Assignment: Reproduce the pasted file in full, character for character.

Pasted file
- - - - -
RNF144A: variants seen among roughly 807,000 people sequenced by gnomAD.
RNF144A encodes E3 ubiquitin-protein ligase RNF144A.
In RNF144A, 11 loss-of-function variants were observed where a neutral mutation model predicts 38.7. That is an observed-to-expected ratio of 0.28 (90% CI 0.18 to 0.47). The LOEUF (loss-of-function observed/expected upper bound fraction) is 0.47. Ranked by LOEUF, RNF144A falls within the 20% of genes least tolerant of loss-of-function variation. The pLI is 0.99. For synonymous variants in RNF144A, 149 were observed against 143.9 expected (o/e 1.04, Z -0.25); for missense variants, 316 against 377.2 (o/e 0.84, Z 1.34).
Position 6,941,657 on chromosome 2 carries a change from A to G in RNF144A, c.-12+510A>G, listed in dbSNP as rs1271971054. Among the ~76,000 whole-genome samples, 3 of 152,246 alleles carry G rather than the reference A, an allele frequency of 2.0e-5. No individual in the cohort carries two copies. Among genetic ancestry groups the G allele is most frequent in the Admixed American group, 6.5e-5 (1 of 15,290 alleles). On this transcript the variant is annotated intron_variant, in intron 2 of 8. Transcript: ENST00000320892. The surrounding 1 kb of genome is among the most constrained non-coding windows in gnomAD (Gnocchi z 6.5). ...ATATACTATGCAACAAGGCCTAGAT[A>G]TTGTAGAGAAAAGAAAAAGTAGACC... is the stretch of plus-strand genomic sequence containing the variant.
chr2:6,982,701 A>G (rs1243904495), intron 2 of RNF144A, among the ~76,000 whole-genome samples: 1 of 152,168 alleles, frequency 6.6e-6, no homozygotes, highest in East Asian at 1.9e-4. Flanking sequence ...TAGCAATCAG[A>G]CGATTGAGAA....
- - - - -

RNF144A: variants seen among roughly 807,000 people sequenced by gnomAD.
RNF144A encodes E3 ubiquitin-protein ligase RNF144A.
In RNF144A, 11 loss-of-function variants were observed where a neutral mutation model predicts 38.7. That is an observed-to-expected ratio of 0.28 (90% CI 0.18 to 0.47). The LOEUF (loss-of-function observed/expected upper bound fraction) is 0.47. Ranked by LOEUF, RNF144A falls within the 20% of genes least tolerant of loss-of-function variation. The pLI is 0.99. For synonymous variants in RNF144A, 149 were observed against 143.9 expected (o/e 1.04, Z -0.25); for missense variants, 316 against 377.2 (o/e 0.84, Z 1.34).
Position 6,941,657 on chromosome 2 carries a change from A to G in RNF144A, c.-12+510A>G, listed in dbSNP as rs1271971054. Among the ~76,000 whole-genome samples, 3 of 152,246 alleles carry G rather than the reference A, an allele frequency of 2.0e-5. No individual in the cohort carries two copies. Among genetic ancestry groups the G allele is most frequent in the Admixed American group, 6.5e-5 (1 of 15,290 alleles). On this transcript the variant is annotated intron_variant, in intron 2 of 8. Transcript: ENST00000320892. The surrounding 1 kb of genome is among the most constrained non-coding windows in gnomAD (Gnocchi z 6.5). ...ATATACTATGCAACAAGGCCTAGAT[A>G]TTGTAGAGAAAAGAAAAAGTAGACC... is the stretch of plus-strand genomic sequence containing the variant.
chr2:6,982,701 A>G (rs1243904495), intron 2 of RNF144A, among the ~76,000 whole-genome samples: 1 of 152,168 alleles, frequency 6.6e-6, no homozygotes, highest in East Asian at 1.9e-4. Flanking sequence ...TAGCAATCAG[A>G]CGATTGAGAA....